Saturday, February 2, 2008

Be Green, Even If It's Silver

Color gurus, Coloring Marketing Group, a non-profit organization based out of Alexandria, VA, are interested in all things colorful. Individuals pay up to $715 a year to become members of the organization that meets bi-annually to discuss what the hot new colors of the year will be. Non-members can then pay $3,500 to get the reports of the convention and plan their new up-coming products. Craziness.
Here is what they say for 2008.
  1. Looking "Green" -- People want things they wear and things they use now to look "green," no matter what color they are. In 2008, looking stylish means looking natural. Materials will look hand-made, un-dyed and unbleached. Products will look more like what they're actually made of, with lots of texture and all the natural imperfections proudly showing through. Off-whites, sandy and linen-y colors, rock and soil colors, brownish-greens – the colors of nature are seriously fashionable now.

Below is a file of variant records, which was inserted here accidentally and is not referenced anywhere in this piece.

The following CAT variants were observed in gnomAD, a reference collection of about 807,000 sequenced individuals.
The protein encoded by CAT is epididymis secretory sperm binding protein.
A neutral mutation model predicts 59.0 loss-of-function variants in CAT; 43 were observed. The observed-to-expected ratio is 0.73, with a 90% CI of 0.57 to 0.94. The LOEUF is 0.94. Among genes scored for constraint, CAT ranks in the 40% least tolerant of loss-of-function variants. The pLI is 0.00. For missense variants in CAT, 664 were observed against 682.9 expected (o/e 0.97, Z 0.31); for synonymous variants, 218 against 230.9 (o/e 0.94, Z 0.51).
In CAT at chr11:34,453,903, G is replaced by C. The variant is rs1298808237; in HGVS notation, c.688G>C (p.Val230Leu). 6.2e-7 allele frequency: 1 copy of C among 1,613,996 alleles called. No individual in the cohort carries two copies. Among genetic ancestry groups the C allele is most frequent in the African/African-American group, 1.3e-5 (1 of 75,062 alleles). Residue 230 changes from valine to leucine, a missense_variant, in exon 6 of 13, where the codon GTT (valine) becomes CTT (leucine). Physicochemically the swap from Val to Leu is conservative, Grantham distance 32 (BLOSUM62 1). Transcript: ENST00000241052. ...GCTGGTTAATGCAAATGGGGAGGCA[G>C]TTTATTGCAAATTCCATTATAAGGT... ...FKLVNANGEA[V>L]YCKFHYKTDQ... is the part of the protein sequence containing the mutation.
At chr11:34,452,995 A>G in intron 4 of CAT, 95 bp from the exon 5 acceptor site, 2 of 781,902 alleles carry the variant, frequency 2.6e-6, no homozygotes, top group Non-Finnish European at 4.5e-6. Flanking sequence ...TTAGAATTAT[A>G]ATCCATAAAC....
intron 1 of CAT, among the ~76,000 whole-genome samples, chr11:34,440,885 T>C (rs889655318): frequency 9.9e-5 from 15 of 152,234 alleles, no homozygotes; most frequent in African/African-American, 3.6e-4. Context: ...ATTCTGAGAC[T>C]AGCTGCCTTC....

2. There’s News in Blues in 2008 -- The "trust me" color will continue to show up on candidates' ties this election year. But in all areas of decor, blues that remind us of sky and water -- inspired by environmentalism -- remain prominent, even in the kitchen. New next year will be the emergence of a much blacker blue inspired by technology -- a deep, vibrant navy so dark you'll swear it's black.

  3. Specialized Finishes, Warmer Metallics -- Advances in technology have made shimmery, specialized finishes really hot. But in 2008, metallics will go warmer. After so many years of brushed chrome and nickel, look for warmer shades -- coppery, bronze-y tones -- to prevail.

  4. More Ethnic Accents -- Globalism continues to inspire our love for ethnic accent colors. They’re coming to us from India, China and Latin America. To Moroccan reds and glowing oranges, add rosy pinks, sunny golden yellows and lots of turquoise. Already here in fashion and home design, these ethnic accents will show up as "punch" colors in hotels, restaurants and retail environments, too – often paired with rich browns as neutrals.

No comments: